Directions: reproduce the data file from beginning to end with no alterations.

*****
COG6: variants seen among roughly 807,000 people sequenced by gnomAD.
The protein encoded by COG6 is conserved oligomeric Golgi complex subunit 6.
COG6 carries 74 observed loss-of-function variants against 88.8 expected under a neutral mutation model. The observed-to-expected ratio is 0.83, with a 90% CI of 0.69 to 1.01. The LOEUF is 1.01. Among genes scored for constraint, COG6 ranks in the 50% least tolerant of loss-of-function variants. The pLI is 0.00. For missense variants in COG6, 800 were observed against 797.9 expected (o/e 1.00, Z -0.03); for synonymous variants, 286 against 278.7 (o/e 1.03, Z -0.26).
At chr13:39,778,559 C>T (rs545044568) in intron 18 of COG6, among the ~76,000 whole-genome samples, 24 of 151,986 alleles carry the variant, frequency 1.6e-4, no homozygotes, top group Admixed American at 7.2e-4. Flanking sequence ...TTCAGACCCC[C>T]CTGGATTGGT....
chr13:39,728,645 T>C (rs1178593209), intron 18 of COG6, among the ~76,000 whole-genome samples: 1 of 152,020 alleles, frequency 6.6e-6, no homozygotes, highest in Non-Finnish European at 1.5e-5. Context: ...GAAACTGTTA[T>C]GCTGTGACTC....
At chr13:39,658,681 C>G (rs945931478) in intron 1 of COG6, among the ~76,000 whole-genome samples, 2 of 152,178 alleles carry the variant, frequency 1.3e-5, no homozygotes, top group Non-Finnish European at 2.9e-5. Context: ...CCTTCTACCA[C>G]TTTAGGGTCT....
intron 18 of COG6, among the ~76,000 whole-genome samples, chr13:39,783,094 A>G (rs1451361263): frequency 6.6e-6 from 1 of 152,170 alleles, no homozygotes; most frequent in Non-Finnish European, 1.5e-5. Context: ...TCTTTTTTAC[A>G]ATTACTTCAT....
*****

COG6: variants seen among roughly 807,000 people sequenced by gnomAD.
The protein encoded by COG6 is conserved oligomeric Golgi complex subunit 6.
COG6 carries 74 observed loss-of-function variants against 88.8 expected under a neutral mutation model. The observed-to-expected ratio is 0.83, with a 90% CI of 0.69 to 1.01. The LOEUF is 1.01. Among genes scored for constraint, COG6 ranks in the 50% least tolerant of loss-of-function variants. The pLI is 0.00. For missense variants in COG6, 800 were observed against 797.9 expected (o/e 1.00, Z -0.03); for synonymous variants, 286 against 278.7 (o/e 1.03, Z -0.26).
At chr13:39,778,559 C>T (rs545044568) in intron 18 of COG6, among the ~76,000 whole-genome samples, 24 of 151,986 alleles carry the variant, frequency 1.6e-4, no homozygotes, top group Admixed American at 7.2e-4. Flanking sequence ...TTCAGACCCC[C>T]CTGGATTGGT....
chr13:39,728,645 T>C (rs1178593209), intron 18 of COG6, among the ~76,000 whole-genome samples: 1 of 152,020 alleles, frequency 6.6e-6, no homozygotes, highest in Non-Finnish European at 1.5e-5. Context: ...GAAACTGTTA[T>C]GCTGTGACTC....
At chr13:39,658,681 C>G (rs945931478) in intron 1 of COG6, among the ~76,000 whole-genome samples, 2 of 152,178 alleles carry the variant, frequency 1.3e-5, no homozygotes, top group Non-Finnish European at 2.9e-5. Context: ...CCTTCTACCA[C>G]TTTAGGGTCT....
intron 18 of COG6, among the ~76,000 whole-genome samples, chr13:39,783,094 A>G (rs1451361263): frequency 6.6e-6 from 1 of 152,170 alleles, no homozygotes; most frequent in Non-Finnish European, 1.5e-5. Context: ...TCTTTTTTAC[A>G]ATTACTTCAT....